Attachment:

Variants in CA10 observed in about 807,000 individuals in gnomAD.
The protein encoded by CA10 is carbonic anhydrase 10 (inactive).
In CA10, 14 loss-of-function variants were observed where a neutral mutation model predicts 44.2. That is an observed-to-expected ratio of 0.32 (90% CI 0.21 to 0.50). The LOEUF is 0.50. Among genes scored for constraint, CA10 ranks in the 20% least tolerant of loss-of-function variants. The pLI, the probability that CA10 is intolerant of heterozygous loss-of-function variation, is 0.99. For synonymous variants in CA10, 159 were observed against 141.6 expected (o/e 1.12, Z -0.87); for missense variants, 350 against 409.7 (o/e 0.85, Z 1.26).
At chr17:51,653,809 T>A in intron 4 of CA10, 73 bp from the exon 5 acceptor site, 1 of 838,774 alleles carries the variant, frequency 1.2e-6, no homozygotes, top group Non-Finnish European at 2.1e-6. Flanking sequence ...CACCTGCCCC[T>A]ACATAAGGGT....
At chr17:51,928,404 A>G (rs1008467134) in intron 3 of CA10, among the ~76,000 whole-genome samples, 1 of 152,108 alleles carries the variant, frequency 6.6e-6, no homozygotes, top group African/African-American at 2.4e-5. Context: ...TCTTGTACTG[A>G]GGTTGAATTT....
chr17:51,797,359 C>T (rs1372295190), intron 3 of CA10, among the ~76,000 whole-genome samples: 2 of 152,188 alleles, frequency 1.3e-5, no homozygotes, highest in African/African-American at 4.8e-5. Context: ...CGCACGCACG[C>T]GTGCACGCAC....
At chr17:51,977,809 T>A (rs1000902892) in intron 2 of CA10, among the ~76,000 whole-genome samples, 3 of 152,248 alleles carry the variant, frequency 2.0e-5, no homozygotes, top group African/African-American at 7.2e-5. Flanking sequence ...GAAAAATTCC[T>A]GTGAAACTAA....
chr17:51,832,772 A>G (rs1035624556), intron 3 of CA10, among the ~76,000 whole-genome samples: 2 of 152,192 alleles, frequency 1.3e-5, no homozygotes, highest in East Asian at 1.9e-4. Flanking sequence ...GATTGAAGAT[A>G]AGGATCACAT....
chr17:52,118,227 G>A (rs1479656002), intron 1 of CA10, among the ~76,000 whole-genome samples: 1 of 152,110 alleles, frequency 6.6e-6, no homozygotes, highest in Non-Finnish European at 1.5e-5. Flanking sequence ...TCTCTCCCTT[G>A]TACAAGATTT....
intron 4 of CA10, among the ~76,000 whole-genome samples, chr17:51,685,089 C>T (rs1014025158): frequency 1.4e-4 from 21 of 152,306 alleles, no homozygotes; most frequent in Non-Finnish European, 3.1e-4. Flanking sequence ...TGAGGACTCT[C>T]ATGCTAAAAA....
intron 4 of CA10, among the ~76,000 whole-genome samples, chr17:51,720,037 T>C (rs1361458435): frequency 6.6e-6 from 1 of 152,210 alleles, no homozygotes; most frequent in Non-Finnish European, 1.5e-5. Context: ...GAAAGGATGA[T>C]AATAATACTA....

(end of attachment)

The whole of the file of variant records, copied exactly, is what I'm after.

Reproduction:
Variants in CA10 observed in about 807,000 individuals in gnomAD.
The protein encoded by CA10 is carbonic anhydrase 10 (inactive).
In CA10, 14 loss-of-function variants were observed where a neutral mutation model predicts 44.2. That is an observed-to-expected ratio of 0.32 (90% CI 0.21 to 0.50). The LOEUF is 0.50. Among genes scored for constraint, CA10 ranks in the 20% least tolerant of loss-of-function variants. The pLI, the probability that CA10 is intolerant of heterozygous loss-of-function variation, is 0.99. For synonymous variants in CA10, 159 were observed against 141.6 expected (o/e 1.12, Z -0.87); for missense variants, 350 against 409.7 (o/e 0.85, Z 1.26).
At chr17:51,653,809 T>A in intron 4 of CA10, 73 bp from the exon 5 acceptor site, 1 of 838,774 alleles carries the variant, frequency 1.2e-6, no homozygotes, top group Non-Finnish European at 2.1e-6. Flanking sequence ...CACCTGCCCC[T>A]ACATAAGGGT....
At chr17:51,928,404 A>G (rs1008467134) in intron 3 of CA10, among the ~76,000 whole-genome samples, 1 of 152,108 alleles carries the variant, frequency 6.6e-6, no homozygotes, top group African/African-American at 2.4e-5. Context: ...TCTTGTACTG[A>G]GGTTGAATTT....
chr17:51,797,359 C>T (rs1372295190), intron 3 of CA10, among the ~76,000 whole-genome samples: 2 of 152,188 alleles, frequency 1.3e-5, no homozygotes, highest in African/African-American at 4.8e-5. Context: ...CGCACGCACG[C>T]GTGCACGCAC....
At chr17:51,977,809 T>A (rs1000902892) in intron 2 of CA10, among the ~76,000 whole-genome samples, 3 of 152,248 alleles carry the variant, frequency 2.0e-5, no homozygotes, top group African/African-American at 7.2e-5. Flanking sequence ...GAAAAATTCC[T>A]GTGAAACTAA....
chr17:51,832,772 A>G (rs1035624556), intron 3 of CA10, among the ~76,000 whole-genome samples: 2 of 152,192 alleles, frequency 1.3e-5, no homozygotes, highest in East Asian at 1.9e-4. Flanking sequence ...GATTGAAGAT[A>G]AGGATCACAT....
chr17:52,118,227 G>A (rs1479656002), intron 1 of CA10, among the ~76,000 whole-genome samples: 1 of 152,110 alleles, frequency 6.6e-6, no homozygotes, highest in Non-Finnish European at 1.5e-5. Flanking sequence ...TCTCTCCCTT[G>A]TACAAGATTT....
intron 4 of CA10, among the ~76,000 whole-genome samples, chr17:51,685,089 C>T (rs1014025158): frequency 1.4e-4 from 21 of 152,306 alleles, no homozygotes; most frequent in Non-Finnish European, 3.1e-4. Flanking sequence ...TGAGGACTCT[C>T]ATGCTAAAAA....
intron 4 of CA10, among the ~76,000 whole-genome samples, chr17:51,720,037 T>C (rs1361458435): frequency 6.6e-6 from 1 of 152,210 alleles, no homozygotes; most frequent in Non-Finnish European, 1.5e-5. Context: ...GAAAGGATGA[T>C]AATAATACTA....